The lack of association between mortality early in the course of the disease, specific autoantibodies, and HLA–DR and DQ alleles is noteworthy, suggesting that these parameters may not be particularly important predictors of this outcome at this point in time (unless they predispose to intervening events such as infections). It should also be noted that the genetic markers associated with disease activity at disease onset were not the same across the 3 ethnic groups(52); therefore, ethnic-specific analyses need to be performed if the role of these genetic markers is to be determined. Relatively small numbers within each specific ethnic group make such analyses less likely to provide valid information. Of course, similar reasoning may be applied to all other variables—that is, they were examined in the context of the entire LUMINA cohort in the multivariable analyses, rather than within each ethnic group.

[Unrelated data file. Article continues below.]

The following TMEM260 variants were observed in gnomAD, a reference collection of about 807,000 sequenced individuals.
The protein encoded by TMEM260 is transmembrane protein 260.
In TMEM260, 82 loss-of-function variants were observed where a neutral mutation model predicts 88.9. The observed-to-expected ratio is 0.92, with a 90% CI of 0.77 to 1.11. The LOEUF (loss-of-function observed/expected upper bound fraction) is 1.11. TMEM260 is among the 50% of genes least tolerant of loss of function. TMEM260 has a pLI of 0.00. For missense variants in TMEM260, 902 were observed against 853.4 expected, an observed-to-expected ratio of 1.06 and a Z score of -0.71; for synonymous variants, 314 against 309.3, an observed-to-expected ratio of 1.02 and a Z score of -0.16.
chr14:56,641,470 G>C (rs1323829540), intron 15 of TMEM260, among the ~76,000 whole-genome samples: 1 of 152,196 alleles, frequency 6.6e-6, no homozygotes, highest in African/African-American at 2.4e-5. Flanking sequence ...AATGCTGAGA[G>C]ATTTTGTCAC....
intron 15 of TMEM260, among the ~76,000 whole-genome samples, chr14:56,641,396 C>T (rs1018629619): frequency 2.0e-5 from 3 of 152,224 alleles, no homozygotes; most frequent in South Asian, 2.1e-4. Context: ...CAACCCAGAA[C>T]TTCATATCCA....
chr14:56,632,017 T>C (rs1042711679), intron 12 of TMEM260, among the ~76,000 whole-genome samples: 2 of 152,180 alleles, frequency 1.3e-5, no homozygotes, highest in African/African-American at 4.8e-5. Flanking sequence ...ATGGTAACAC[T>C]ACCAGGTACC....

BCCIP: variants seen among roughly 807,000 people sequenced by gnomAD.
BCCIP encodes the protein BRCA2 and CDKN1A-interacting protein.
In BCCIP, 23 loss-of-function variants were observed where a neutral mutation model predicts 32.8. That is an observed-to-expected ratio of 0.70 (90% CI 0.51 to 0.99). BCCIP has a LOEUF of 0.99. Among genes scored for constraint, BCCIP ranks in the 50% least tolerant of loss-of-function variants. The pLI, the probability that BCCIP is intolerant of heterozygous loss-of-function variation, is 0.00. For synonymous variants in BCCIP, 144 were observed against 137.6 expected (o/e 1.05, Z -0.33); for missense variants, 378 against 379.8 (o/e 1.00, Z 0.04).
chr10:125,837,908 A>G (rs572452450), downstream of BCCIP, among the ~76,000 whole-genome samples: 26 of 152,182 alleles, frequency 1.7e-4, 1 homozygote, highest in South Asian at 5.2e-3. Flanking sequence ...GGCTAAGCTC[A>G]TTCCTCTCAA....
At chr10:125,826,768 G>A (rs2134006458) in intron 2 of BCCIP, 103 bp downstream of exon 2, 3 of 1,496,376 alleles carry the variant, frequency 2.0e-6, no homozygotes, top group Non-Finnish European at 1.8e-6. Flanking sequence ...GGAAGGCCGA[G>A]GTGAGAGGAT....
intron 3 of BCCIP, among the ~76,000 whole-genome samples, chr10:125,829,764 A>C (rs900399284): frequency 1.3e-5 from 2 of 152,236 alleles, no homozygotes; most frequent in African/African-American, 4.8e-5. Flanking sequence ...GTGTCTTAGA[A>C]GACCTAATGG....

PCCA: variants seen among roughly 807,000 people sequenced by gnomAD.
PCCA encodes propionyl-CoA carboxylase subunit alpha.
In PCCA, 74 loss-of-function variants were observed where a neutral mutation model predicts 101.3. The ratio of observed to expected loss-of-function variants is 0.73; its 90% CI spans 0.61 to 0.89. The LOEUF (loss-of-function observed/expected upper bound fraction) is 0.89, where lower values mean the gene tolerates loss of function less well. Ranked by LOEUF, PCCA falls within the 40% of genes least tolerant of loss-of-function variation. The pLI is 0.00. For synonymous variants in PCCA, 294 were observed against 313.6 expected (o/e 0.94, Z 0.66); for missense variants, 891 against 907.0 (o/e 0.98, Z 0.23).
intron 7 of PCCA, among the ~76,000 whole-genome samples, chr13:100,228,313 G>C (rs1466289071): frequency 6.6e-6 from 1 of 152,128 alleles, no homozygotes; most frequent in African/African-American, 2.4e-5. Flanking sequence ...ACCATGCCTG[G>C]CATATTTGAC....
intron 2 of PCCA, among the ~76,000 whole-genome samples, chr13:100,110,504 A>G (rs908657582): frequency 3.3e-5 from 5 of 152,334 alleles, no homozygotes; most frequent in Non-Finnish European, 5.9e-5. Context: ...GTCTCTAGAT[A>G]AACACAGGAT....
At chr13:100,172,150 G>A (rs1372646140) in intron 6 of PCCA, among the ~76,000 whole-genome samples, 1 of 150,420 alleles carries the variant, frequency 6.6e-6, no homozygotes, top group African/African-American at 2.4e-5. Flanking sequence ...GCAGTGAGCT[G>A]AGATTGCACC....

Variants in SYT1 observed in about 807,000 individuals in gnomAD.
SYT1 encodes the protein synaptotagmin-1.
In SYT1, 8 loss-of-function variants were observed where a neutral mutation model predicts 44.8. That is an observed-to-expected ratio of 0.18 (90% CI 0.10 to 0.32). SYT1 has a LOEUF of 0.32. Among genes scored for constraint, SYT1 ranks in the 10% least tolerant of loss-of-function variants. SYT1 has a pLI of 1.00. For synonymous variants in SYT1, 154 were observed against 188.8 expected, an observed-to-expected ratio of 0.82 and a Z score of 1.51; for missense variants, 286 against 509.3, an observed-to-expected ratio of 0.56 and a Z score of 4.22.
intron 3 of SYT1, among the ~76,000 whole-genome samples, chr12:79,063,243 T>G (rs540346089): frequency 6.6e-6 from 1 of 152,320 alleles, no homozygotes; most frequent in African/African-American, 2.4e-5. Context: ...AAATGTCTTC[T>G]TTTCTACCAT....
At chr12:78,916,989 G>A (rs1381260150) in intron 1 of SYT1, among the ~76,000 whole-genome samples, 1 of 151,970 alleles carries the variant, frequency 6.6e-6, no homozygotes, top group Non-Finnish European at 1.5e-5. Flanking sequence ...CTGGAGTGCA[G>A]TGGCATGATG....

The most important finding of our study is that, despite the apparent association of non-Caucasian ethnicity with mortality in our LUMINA cohort, poverty and not ethnicity was the variable consistently found to be significant in the multivariable analyses of our data. Of course it can be argued that disease activity and disease damage reflect to a certain extent the ethnic background of our patients. However, analyses of our data suggest that the important variables, which mediate disease activity over the course of the disease, are socioeconomic and demographic rather than ethnic/racial or genetic. The definition of poverty that we used in our study is the one established by the US Department of Commerce and utilized in population studies. Individuals are classified as being above or below the poverty line based on family income and size. We, of course, recognize that there are other approaches to defining poverty or socioeconomic status. Indeed, when income was determined as the median of the household income for the corresponding census tract, it was also found to be a significant predictor of mortality in a lupus cohort, although not as powerful a predictor as it was in our study(14). More recently, it has been proposed that a more sensitive measure of financial resources and socioeconomic status is the measurement of wealth rather than income (adjusted to family size)(92–94). In fact, even among individuals below the poverty line, ethnic minorities tend to be less wealthy than individuals from the ethnic majority, as these individuals are more likely to have fewer assets and more financial liabilities than individuals from nonminority groups(92–94). Unfortunately, we did not collect these data on the members of the LUMINA cohort during the early years of our study (but we are doing so at present); thus we do not have data to support these assertions.